Opinion: Too young to vote? Who cares?

Lindsay Bookout

Anne Buie

Lindsay BookoutWith the presidential election coming up, we have all seen the Facebook posts and the tweets concerning who the better candidate is — you might even be the guilty ones posting or tweeting.

But as of late, I have noticed a new type of tweets being posted. Ones that read “In my book, if you don’t vote then you don’t have the right to complain.”

This tweet is the epitome of ignorance. I couldn’t refrain from replying by saying, “I don’t know you, but I have to say that every single citizen, regardless of age, is a part of this country.”

It seemed to me the person wants people to remain ignorant on the issues of their country, some of which could be affecting these underage citizens who can not vote until they’re of age.

Every citizen, regardless of age, should keep himself or herself knowledgeable on any and every issue that concerns the United States because this is our country — this is where we live, so everything affects everyone.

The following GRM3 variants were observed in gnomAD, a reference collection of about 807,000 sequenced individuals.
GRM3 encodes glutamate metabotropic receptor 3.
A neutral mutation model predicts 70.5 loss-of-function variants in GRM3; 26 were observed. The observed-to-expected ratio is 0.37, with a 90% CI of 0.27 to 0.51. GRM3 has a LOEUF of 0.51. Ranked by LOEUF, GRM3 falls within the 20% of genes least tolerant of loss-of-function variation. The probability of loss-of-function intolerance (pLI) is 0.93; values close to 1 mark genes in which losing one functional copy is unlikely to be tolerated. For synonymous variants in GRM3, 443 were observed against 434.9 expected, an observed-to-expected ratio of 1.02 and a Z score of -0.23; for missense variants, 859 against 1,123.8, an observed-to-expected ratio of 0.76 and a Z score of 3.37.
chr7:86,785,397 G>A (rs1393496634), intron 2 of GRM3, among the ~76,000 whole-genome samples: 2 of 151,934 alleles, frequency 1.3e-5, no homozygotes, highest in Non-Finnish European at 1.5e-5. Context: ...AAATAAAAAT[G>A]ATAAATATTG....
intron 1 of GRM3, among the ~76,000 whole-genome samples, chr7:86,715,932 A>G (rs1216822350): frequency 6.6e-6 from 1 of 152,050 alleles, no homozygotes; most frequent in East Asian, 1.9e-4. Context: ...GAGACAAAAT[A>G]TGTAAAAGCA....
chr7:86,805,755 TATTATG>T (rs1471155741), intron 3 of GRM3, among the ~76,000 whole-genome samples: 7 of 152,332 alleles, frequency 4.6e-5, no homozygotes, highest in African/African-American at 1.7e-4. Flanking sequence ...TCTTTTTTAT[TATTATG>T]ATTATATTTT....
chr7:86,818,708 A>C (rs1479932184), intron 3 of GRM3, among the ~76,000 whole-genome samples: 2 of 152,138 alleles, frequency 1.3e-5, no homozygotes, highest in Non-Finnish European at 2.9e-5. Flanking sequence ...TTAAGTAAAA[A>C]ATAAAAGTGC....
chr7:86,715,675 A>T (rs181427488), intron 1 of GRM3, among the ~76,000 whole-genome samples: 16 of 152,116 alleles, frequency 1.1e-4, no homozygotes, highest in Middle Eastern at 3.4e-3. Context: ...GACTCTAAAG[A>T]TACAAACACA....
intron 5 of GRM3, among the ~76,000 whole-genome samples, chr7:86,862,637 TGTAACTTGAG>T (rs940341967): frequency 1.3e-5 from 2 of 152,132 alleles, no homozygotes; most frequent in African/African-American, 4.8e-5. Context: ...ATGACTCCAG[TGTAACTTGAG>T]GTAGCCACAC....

Besides, does it really make sense to remain ignorant on the issues until you’re of legal age to vote and then you suddenly have less than a year to learn everything about politics before an upcoming election?

No, that actually makes no sense.

I think it’s great that younger teenagers have such strong opinions on the issues that our country is facing. It shows that they are interested in learning how our country can be made better and that they can think for themselves.

Sometimes when I look at the generation below mine, I’m scared for the future. But then issues like this come up, and I’m not so scared anymore.

I do not care if you can’t vote. Whether the reason is your age, your lack of citizenship, or what have you, if you want to remain knowledgeable on our country’s future, the last thing I want to do is stand in your way.

If you want to educate yourself, please, be my guest.


Bookout, a sophomore English and French major from Charlotte, is a news reporter.